By the time I was dressed in the morning, last bit of make up and every hair in place, I knew there was a role I had to play. I assumed an’outside persona’ just to get me through the day. I maintained a personality for the outside world and switched this off at the end of the day when I crossed the threshold, arriving home exhausted. God forbid the rest of the world should see beneath the perfect, shiny exterior. There’s no room in the busy working world for the sad, moody girl who just doesn’t have that spark anymore. And who wants to spend time around that? The quiet girl with the dead-behind-the-eyes look going on isn’t particularly approachable. So, we do our best to keep up the fake smiles and empty small talk, hoping we’re putting on a good enough show and no one will notice. Often, they don’t, in our modern world people rarely look past the carefully selected wardrobe and expertly applied make up. However, if they looked closely they’d notice it in the eyes; the ‘windows to the soul’ were no longer open; the curtains had been drawn and there was nobody home.
A few years ago, I found myself losing interest in everything. I had lost all vitality, everything in my life seemed like far too much effort and I stopped all activities that I’d previously been so passionate about. This was more than just sadness; sadness hurts and I’d reached a point where nothing hurt, everything was numb. Depression is an impossible illness to understand. Sometimes our closest friends will ask persistently, “what’s wrong?” but, honestly, all you can answer is “nothing”. Depression literally feels like nothing; numbness, detachment and total disinterest. How can we diagnose and treat nothing? It’s easy to understand why effective treatment for depression is still so severely lacking.
Despite this, I thank goodness that I was born in this day and age. Once upon a time we would have been sectioned and forgotten; just another crazy girl that can’t handle the world. We are finally beginning to understand and explore mental illness, making it easier for people to recognise symptoms and look for the help they need. For centuries it has been a key feature in art, Sylvia Plath’s The Bell Jar, for example, is a novel that will stay with me forever and I can’t recommend it enough for anyone interested in learning more about depression. More recently, films such as Two Days, One Night and The Perks of Being a Wallflower are changing attitudes towards depression and the more we talk about it, the better chance we have of fighting it.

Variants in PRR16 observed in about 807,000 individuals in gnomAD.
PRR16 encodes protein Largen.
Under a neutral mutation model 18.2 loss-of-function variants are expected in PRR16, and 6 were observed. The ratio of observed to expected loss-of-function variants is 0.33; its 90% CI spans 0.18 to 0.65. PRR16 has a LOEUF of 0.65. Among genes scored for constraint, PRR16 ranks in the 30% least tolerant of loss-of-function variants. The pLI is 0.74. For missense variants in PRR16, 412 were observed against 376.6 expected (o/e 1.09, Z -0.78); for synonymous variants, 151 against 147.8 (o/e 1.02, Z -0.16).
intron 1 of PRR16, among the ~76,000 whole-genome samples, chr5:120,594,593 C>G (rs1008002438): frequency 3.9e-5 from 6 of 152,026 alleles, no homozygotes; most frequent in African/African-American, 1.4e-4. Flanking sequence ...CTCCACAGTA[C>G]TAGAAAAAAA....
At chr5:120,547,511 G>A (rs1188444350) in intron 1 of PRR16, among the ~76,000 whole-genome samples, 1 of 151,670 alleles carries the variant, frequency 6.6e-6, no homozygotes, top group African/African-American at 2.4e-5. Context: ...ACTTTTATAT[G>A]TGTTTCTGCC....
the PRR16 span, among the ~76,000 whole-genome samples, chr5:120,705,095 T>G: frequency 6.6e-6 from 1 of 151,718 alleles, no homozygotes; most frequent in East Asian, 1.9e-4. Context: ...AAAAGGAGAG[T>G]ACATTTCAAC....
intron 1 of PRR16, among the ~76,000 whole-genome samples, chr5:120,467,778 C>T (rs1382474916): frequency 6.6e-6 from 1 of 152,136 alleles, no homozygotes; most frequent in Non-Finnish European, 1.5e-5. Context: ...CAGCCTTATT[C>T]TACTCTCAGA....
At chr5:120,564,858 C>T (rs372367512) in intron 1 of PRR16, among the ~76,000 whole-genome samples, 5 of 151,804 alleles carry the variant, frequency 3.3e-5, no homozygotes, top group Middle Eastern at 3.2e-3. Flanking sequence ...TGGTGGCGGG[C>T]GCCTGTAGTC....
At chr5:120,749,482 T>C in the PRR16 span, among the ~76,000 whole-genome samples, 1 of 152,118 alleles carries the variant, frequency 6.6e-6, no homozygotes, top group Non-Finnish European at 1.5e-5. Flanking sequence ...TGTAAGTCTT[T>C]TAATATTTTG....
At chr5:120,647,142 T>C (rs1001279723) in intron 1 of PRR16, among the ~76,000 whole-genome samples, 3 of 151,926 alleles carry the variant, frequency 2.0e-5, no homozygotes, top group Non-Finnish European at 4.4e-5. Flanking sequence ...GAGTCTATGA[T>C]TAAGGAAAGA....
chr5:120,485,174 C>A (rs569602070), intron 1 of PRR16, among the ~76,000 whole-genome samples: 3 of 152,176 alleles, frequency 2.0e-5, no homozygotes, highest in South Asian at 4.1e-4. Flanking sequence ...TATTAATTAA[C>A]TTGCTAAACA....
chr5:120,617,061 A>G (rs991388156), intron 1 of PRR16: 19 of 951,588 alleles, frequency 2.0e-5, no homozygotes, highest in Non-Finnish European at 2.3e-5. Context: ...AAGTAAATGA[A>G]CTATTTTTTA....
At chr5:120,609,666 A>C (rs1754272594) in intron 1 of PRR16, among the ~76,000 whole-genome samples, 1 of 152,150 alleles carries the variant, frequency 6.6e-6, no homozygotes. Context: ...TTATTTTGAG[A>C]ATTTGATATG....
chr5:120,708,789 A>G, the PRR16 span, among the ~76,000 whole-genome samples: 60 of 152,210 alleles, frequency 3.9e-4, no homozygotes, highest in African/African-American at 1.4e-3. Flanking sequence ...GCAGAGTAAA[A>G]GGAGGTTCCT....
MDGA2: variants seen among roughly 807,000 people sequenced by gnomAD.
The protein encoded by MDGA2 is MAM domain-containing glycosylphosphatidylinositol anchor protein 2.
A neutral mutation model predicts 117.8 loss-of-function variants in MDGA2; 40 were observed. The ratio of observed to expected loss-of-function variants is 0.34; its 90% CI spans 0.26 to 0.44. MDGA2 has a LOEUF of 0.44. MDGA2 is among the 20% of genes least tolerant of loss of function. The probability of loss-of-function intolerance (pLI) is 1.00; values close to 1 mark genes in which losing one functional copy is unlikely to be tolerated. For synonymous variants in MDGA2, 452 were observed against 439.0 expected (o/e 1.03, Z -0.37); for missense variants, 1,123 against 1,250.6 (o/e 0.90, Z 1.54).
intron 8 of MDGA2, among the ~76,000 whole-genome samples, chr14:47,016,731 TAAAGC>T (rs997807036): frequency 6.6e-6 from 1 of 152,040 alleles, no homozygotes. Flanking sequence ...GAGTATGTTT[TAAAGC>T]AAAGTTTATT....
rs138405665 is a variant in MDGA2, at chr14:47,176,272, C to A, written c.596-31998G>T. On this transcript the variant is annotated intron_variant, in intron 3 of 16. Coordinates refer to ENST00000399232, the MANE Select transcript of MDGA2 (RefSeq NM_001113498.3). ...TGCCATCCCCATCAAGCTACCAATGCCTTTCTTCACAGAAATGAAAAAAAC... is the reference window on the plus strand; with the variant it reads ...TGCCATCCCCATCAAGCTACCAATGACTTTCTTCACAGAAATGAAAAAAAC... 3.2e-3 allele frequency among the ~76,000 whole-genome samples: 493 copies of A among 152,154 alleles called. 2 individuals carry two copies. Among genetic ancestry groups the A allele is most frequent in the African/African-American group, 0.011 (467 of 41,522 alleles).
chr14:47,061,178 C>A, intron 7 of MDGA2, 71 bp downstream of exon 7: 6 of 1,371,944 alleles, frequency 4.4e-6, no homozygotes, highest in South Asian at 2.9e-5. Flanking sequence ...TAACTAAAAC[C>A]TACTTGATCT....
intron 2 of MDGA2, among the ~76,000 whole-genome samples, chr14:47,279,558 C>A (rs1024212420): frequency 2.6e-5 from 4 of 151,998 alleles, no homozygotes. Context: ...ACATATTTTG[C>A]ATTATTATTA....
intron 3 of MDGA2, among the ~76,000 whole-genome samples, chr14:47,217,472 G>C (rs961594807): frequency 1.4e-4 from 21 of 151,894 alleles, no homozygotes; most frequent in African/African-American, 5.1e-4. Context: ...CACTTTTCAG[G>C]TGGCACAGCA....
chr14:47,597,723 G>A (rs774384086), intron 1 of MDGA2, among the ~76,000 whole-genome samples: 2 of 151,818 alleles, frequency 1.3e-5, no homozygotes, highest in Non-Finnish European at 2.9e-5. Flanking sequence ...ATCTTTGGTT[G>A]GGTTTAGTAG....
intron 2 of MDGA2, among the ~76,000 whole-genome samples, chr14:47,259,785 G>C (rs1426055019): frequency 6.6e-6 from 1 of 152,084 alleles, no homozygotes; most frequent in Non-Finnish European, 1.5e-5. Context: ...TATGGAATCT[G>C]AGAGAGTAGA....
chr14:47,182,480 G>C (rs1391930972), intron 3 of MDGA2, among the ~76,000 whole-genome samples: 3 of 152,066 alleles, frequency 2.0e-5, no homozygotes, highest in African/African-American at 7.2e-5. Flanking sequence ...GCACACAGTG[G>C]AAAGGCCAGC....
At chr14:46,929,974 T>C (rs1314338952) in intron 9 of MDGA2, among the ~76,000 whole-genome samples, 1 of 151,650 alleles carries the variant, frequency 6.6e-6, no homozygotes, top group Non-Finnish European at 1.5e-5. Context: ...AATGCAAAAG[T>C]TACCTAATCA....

As for me, it’s not all sad and depressing! Without my experience I would never have discovered the wonderful connection I have with certain friends after opening up to them. And, without sounding too dramatic, I truly believe that I appreciate the best times more because I have been through the worst. If the shadow of depression descends once again, and it will, I’ve already found light at the end of the tunnel and I know it will always be there. So, I might still apply my face of make up and dress to impress but don’t be fooled, everything isn’t always as perfect as it seems.
I’ll leave you with some wonderful advice from Stephen Fry;
“If you know someone who’s depressed, please resolve never to ask them why. Depression isn’t a straightforward response to a bad situation; depression just is, like the weather.
Try to understand the blackness, lethargy, hopelessness, and loneliness they’re going through. Be there for them when they come through the other side. It’s hard to be a friend to someone who’s depressed, but it is one of the kindest, noblest, and best things you will ever do.”